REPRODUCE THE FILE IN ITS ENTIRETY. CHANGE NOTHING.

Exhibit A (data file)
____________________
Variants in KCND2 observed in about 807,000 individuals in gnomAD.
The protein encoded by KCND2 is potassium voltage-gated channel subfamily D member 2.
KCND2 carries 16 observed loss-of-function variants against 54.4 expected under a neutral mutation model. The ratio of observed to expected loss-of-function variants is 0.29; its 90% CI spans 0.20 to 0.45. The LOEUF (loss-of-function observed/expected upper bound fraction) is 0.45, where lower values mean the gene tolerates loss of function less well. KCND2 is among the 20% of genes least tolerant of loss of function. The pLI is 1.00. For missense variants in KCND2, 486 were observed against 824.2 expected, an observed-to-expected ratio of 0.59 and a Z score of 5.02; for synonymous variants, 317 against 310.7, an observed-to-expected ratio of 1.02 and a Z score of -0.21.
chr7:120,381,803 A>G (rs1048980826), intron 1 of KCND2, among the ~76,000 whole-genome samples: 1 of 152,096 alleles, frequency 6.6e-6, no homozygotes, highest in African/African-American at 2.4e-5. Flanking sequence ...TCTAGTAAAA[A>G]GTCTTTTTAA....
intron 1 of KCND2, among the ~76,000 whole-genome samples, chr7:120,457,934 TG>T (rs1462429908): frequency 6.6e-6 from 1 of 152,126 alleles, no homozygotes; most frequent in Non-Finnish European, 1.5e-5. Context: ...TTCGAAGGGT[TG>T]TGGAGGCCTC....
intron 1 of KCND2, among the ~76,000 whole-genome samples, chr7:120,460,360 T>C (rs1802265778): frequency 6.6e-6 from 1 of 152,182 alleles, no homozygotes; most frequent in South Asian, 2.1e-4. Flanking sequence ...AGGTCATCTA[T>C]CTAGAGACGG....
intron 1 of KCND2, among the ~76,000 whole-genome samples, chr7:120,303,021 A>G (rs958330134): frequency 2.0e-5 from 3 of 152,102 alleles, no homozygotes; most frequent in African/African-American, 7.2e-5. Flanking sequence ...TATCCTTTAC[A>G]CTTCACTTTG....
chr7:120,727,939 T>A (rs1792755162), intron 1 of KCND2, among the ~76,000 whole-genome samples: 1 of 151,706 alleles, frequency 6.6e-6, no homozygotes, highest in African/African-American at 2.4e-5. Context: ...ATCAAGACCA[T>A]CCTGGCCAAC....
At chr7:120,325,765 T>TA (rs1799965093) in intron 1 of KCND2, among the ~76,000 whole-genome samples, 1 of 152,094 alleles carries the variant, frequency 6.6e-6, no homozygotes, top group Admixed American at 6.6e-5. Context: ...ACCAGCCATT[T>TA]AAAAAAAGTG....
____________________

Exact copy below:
Variants in KCND2 observed in about 807,000 individuals in gnomAD.
The protein encoded by KCND2 is potassium voltage-gated channel subfamily D member 2.
KCND2 carries 16 observed loss-of-function variants against 54.4 expected under a neutral mutation model. The ratio of observed to expected loss-of-function variants is 0.29; its 90% CI spans 0.20 to 0.45. The LOEUF (loss-of-function observed/expected upper bound fraction) is 0.45, where lower values mean the gene tolerates loss of function less well. KCND2 is among the 20% of genes least tolerant of loss of function. The pLI is 1.00. For missense variants in KCND2, 486 were observed against 824.2 expected, an observed-to-expected ratio of 0.59 and a Z score of 5.02; for synonymous variants, 317 against 310.7, an observed-to-expected ratio of 1.02 and a Z score of -0.21.
chr7:120,381,803 A>G (rs1048980826), intron 1 of KCND2, among the ~76,000 whole-genome samples: 1 of 152,096 alleles, frequency 6.6e-6, no homozygotes, highest in African/African-American at 2.4e-5. Flanking sequence ...TCTAGTAAAA[A>G]GTCTTTTTAA....
intron 1 of KCND2, among the ~76,000 whole-genome samples, chr7:120,457,934 TG>T (rs1462429908): frequency 6.6e-6 from 1 of 152,126 alleles, no homozygotes; most frequent in Non-Finnish European, 1.5e-5. Context: ...TTCGAAGGGT[TG>T]TGGAGGCCTC....
intron 1 of KCND2, among the ~76,000 whole-genome samples, chr7:120,460,360 T>C (rs1802265778): frequency 6.6e-6 from 1 of 152,182 alleles, no homozygotes; most frequent in South Asian, 2.1e-4. Flanking sequence ...AGGTCATCTA[T>C]CTAGAGACGG....
intron 1 of KCND2, among the ~76,000 whole-genome samples, chr7:120,303,021 A>G (rs958330134): frequency 2.0e-5 from 3 of 152,102 alleles, no homozygotes; most frequent in African/African-American, 7.2e-5. Flanking sequence ...TATCCTTTAC[A>G]CTTCACTTTG....
chr7:120,727,939 T>A (rs1792755162), intron 1 of KCND2, among the ~76,000 whole-genome samples: 1 of 151,706 alleles, frequency 6.6e-6, no homozygotes, highest in African/African-American at 2.4e-5. Context: ...ATCAAGACCA[T>A]CCTGGCCAAC....
At chr7:120,325,765 T>TA (rs1799965093) in intron 1 of KCND2, among the ~76,000 whole-genome samples, 1 of 152,094 alleles carries the variant, frequency 6.6e-6, no homozygotes, top group Admixed American at 6.6e-5. Context: ...ACCAGCCATT[T>TA]AAAAAAAGTG....